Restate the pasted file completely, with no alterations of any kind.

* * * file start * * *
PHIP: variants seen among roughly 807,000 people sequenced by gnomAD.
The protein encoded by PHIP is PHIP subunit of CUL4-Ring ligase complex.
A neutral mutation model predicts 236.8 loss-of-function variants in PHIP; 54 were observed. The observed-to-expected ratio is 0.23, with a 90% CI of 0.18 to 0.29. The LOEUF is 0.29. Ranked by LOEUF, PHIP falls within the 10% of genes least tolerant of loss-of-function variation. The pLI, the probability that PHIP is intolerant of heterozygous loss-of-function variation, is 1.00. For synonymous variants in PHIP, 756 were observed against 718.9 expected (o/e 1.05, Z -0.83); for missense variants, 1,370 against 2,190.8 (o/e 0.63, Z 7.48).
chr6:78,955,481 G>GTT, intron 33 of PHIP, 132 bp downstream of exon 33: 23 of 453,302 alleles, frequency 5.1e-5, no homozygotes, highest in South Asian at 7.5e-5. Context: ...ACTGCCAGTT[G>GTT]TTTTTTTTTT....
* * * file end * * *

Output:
PHIP: variants seen among roughly 807,000 people sequenced by gnomAD.
The protein encoded by PHIP is PHIP subunit of CUL4-Ring ligase complex.
A neutral mutation model predicts 236.8 loss-of-function variants in PHIP; 54 were observed. The observed-to-expected ratio is 0.23, with a 90% CI of 0.18 to 0.29. The LOEUF is 0.29. Ranked by LOEUF, PHIP falls within the 10% of genes least tolerant of loss-of-function variation. The pLI, the probability that PHIP is intolerant of heterozygous loss-of-function variation, is 1.00. For synonymous variants in PHIP, 756 were observed against 718.9 expected (o/e 1.05, Z -0.83); for missense variants, 1,370 against 2,190.8 (o/e 0.63, Z 7.48).
chr6:78,955,481 G>GTT, intron 33 of PHIP, 132 bp downstream of exon 33: 23 of 453,302 alleles, frequency 5.1e-5, no homozygotes, highest in South Asian at 7.5e-5. Context: ...ACTGCCAGTT[G>GTT]TTTTTTTTTT....